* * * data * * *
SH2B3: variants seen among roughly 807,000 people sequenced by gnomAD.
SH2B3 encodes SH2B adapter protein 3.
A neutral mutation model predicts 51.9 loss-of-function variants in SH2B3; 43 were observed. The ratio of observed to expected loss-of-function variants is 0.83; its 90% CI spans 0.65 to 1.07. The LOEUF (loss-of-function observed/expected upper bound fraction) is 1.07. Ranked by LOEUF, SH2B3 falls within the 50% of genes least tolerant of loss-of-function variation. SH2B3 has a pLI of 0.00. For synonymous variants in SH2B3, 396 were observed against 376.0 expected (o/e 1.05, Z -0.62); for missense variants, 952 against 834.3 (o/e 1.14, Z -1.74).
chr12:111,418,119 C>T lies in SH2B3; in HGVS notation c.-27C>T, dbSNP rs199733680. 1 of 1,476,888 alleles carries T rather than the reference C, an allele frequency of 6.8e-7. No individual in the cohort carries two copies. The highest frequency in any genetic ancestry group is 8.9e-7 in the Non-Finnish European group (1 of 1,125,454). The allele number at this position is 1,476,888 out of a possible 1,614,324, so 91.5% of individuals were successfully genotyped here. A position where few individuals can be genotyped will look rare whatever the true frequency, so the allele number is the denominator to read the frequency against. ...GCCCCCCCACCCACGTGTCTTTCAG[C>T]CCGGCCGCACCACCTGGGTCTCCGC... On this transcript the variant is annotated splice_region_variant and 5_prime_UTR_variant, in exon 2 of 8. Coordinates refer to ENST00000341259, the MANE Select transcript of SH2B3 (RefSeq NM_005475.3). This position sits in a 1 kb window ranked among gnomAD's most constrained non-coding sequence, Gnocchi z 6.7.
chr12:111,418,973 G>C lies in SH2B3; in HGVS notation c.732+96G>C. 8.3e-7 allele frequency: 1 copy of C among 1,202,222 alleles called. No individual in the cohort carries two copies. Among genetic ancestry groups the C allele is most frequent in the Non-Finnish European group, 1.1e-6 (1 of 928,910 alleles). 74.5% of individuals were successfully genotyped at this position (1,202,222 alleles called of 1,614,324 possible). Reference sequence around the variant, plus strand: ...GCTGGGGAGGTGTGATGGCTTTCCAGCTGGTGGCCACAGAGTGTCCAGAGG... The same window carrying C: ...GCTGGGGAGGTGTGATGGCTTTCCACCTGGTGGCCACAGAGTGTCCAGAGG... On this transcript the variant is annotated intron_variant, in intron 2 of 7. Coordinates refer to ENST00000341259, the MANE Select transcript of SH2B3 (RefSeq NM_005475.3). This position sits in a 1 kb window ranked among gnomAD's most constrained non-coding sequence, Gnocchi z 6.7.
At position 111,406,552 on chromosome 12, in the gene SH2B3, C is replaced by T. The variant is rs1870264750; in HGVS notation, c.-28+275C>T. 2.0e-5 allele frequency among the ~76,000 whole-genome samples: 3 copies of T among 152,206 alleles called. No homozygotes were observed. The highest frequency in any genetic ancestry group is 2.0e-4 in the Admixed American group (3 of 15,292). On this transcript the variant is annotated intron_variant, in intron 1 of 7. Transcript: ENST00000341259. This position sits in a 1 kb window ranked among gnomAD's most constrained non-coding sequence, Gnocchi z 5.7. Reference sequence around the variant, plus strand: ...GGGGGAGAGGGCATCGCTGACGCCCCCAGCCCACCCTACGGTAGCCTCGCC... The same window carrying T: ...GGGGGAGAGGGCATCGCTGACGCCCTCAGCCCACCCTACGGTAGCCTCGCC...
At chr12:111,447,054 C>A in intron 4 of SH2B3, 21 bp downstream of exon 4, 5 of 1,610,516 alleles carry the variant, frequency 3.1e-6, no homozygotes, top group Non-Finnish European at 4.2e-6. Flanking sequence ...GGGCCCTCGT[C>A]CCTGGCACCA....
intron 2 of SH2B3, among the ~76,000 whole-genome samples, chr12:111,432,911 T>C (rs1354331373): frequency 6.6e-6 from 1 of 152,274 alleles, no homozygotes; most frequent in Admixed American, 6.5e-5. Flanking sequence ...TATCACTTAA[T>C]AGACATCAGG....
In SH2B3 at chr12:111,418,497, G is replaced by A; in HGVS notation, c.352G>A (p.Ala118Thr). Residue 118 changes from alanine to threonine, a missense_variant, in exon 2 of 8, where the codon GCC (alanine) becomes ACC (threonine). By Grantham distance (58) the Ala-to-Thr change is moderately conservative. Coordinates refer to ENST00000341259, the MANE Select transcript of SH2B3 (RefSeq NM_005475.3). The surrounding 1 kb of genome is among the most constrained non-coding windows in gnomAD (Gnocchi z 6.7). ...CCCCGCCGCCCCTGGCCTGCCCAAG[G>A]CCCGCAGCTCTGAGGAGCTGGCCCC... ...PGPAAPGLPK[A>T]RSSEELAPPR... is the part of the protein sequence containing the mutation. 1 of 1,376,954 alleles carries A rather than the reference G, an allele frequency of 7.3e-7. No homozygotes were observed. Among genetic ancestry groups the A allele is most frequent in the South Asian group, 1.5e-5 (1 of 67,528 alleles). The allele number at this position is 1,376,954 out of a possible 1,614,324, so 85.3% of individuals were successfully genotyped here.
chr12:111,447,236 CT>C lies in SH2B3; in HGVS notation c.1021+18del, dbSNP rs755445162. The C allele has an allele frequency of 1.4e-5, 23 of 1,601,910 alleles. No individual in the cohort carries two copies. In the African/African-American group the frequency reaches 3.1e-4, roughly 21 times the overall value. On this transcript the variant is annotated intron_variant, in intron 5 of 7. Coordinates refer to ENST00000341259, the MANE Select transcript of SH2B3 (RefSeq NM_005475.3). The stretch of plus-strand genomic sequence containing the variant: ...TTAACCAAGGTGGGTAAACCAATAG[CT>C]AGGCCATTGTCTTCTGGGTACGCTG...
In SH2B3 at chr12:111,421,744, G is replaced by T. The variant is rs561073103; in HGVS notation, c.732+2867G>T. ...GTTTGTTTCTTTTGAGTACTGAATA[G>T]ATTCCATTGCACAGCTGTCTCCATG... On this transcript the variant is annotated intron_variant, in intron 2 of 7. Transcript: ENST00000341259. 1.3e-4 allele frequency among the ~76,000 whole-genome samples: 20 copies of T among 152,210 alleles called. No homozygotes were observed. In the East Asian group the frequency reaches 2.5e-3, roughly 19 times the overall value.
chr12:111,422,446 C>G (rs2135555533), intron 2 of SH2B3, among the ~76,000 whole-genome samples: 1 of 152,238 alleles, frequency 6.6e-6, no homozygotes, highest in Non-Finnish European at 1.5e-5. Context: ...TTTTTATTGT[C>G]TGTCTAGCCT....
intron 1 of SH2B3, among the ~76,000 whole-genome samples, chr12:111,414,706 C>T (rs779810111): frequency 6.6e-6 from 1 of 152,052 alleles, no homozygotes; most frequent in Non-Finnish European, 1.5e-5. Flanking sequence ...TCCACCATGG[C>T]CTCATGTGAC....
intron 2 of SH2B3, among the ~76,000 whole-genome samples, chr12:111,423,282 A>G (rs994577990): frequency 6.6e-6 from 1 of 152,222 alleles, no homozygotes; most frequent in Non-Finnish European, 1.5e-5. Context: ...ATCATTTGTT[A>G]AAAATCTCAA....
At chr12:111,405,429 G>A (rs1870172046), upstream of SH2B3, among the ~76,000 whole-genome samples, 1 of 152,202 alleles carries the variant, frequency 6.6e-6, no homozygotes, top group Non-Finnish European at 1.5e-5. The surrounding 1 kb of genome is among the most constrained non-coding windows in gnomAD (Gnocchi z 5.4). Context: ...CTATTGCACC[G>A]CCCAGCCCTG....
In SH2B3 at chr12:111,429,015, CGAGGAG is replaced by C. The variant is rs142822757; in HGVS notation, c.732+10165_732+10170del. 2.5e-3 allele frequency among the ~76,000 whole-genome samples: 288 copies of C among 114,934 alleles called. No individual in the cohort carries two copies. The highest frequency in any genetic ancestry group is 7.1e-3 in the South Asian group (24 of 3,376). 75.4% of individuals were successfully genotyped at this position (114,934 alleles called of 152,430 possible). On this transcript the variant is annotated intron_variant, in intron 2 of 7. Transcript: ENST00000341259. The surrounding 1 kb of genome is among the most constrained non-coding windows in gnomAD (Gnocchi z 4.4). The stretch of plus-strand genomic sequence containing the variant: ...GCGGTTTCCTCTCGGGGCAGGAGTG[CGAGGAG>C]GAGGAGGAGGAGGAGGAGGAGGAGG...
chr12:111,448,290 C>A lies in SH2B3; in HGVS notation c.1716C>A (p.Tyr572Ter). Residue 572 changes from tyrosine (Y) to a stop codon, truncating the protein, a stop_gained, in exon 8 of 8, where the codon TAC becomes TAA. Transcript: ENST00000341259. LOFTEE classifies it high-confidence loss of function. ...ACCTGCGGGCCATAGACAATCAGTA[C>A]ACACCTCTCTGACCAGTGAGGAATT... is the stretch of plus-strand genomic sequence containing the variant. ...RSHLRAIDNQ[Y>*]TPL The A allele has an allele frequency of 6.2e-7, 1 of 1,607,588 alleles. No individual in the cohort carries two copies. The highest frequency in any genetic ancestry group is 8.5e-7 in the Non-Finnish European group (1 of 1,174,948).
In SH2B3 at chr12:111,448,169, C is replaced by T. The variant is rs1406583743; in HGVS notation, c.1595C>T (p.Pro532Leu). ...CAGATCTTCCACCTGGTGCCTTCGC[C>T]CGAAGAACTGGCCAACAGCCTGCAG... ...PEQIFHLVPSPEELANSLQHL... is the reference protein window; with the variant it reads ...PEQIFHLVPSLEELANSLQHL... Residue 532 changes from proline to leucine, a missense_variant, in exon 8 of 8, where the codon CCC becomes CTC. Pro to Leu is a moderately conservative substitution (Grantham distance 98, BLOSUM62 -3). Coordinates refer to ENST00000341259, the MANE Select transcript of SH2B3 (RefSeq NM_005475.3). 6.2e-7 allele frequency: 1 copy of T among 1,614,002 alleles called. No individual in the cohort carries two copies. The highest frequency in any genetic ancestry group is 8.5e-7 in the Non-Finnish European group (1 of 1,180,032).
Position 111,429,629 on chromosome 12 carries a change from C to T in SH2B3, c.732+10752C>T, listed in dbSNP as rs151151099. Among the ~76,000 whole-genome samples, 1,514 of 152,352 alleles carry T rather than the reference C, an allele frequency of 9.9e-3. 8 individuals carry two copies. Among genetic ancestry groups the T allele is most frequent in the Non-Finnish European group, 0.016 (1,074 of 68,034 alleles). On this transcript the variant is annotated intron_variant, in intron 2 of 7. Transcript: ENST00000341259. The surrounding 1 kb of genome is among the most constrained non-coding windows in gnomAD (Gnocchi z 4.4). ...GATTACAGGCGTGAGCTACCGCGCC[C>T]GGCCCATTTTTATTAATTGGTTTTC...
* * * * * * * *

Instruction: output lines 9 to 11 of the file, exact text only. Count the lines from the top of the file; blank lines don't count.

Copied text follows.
In SH2B3 at chr12:111,418,497, G is replaced by A; in HGVS notation, c.352G>A (p.Ala118Thr). Residue 118 changes from alanine to threonine, a missense_variant, in exon 2 of 8, where the codon GCC (alanine) becomes ACC (threonine). By Grantham distance (58) the Ala-to-Thr change is moderately conservative. Coordinates refer to ENST00000341259, the MANE Select transcript of SH2B3 (RefSeq NM_005475.3). The surrounding 1 kb of genome is among the most constrained non-coding windows in gnomAD (Gnocchi z 6.7). ...CCCCGCCGCCCCTGGCCTGCCCAAG[G>A]CCCGCAGCTCTGAGGAGCTGGCCCC... ...PGPAAPGLPK[A>T]RSSEELAPPR... is the part of the protein sequence containing the mutation. 1 of 1,376,954 alleles carries A rather than the reference G, an allele frequency of 7.3e-7. No homozygotes were observed. Among genetic ancestry groups the A allele is most frequent in the South Asian group, 1.5e-5 (1 of 67,528 alleles). The allele number at this position is 1,376,954 out of a possible 1,614,324, so 85.3% of individuals were successfully genotyped here.
chr12:111,447,236 CT>C lies in SH2B3; in HGVS notation c.1021+18del, dbSNP rs755445162. The C allele has an allele frequency of 1.4e-5, 23 of 1,601,910 alleles. No individual in the cohort carries two copies. In the African/African-American group the frequency reaches 3.1e-4, roughly 21 times the overall value. On this transcript the variant is annotated intron_variant, in intron 5 of 7. Coordinates refer to ENST00000341259, the MANE Select transcript of SH2B3 (RefSeq NM_005475.3). The stretch of plus-strand genomic sequence containing the variant: ...TTAACCAAGGTGGGTAAACCAATAG[CT>C]AGGCCATTGTCTTCTGGGTACGCTG...
In SH2B3 at chr12:111,421,744, G is replaced by T. The variant is rs561073103; in HGVS notation, c.732+2867G>T. ...GTTTGTTTCTTTTGAGTACTGAATA[G>T]ATTCCATTGCACAGCTGTCTCCATG... On this transcript the variant is annotated intron_variant, in intron 2 of 7. Transcript: ENST00000341259. 1.3e-4 allele frequency among the ~76,000 whole-genome samples: 20 copies of T among 152,210 alleles called. No homozygotes were observed. In the East Asian group the frequency reaches 2.5e-3, roughly 19 times the overall value.